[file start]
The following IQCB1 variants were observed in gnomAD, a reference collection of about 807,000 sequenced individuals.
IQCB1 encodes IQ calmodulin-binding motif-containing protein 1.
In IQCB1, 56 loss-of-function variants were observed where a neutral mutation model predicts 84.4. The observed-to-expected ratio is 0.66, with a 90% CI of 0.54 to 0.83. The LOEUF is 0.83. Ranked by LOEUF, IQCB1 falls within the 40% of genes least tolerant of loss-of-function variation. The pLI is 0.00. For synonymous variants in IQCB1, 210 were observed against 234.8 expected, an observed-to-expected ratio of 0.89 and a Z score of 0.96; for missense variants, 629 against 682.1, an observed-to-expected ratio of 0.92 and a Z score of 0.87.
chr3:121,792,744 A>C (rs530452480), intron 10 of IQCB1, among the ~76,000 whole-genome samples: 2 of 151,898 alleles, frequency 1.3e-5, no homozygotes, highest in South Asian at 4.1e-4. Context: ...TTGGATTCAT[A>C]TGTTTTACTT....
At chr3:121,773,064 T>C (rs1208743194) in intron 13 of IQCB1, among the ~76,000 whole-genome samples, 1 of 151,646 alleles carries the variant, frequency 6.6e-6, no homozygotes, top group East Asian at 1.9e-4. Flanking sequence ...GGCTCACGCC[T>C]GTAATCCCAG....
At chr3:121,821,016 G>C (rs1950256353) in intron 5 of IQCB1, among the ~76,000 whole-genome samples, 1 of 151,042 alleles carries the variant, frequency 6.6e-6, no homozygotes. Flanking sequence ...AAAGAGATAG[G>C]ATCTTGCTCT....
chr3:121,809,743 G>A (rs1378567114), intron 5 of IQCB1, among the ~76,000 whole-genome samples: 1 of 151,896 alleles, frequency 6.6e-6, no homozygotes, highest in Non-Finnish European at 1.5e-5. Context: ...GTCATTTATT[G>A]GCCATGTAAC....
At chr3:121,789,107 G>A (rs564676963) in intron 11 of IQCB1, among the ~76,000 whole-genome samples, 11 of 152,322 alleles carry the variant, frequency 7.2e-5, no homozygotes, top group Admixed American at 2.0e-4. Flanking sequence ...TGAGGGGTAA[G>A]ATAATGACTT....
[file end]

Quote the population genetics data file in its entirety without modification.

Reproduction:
The following IQCB1 variants were observed in gnomAD, a reference collection of about 807,000 sequenced individuals.
IQCB1 encodes IQ calmodulin-binding motif-containing protein 1.
In IQCB1, 56 loss-of-function variants were observed where a neutral mutation model predicts 84.4. The observed-to-expected ratio is 0.66, with a 90% CI of 0.54 to 0.83. The LOEUF is 0.83. Ranked by LOEUF, IQCB1 falls within the 40% of genes least tolerant of loss-of-function variation. The pLI is 0.00. For synonymous variants in IQCB1, 210 were observed against 234.8 expected, an observed-to-expected ratio of 0.89 and a Z score of 0.96; for missense variants, 629 against 682.1, an observed-to-expected ratio of 0.92 and a Z score of 0.87.
chr3:121,792,744 A>C (rs530452480), intron 10 of IQCB1, among the ~76,000 whole-genome samples: 2 of 151,898 alleles, frequency 1.3e-5, no homozygotes, highest in South Asian at 4.1e-4. Context: ...TTGGATTCAT[A>C]TGTTTTACTT....
At chr3:121,773,064 T>C (rs1208743194) in intron 13 of IQCB1, among the ~76,000 whole-genome samples, 1 of 151,646 alleles carries the variant, frequency 6.6e-6, no homozygotes, top group East Asian at 1.9e-4. Flanking sequence ...GGCTCACGCC[T>C]GTAATCCCAG....
At chr3:121,821,016 G>C (rs1950256353) in intron 5 of IQCB1, among the ~76,000 whole-genome samples, 1 of 151,042 alleles carries the variant, frequency 6.6e-6, no homozygotes. Flanking sequence ...AAAGAGATAG[G>C]ATCTTGCTCT....
chr3:121,809,743 G>A (rs1378567114), intron 5 of IQCB1, among the ~76,000 whole-genome samples: 1 of 151,896 alleles, frequency 6.6e-6, no homozygotes, highest in Non-Finnish European at 1.5e-5. Context: ...GTCATTTATT[G>A]GCCATGTAAC....
At chr3:121,789,107 G>A (rs564676963) in intron 11 of IQCB1, among the ~76,000 whole-genome samples, 11 of 152,322 alleles carry the variant, frequency 7.2e-5, no homozygotes, top group Admixed American at 2.0e-4. Flanking sequence ...TGAGGGGTAA[G>A]ATAATGACTT....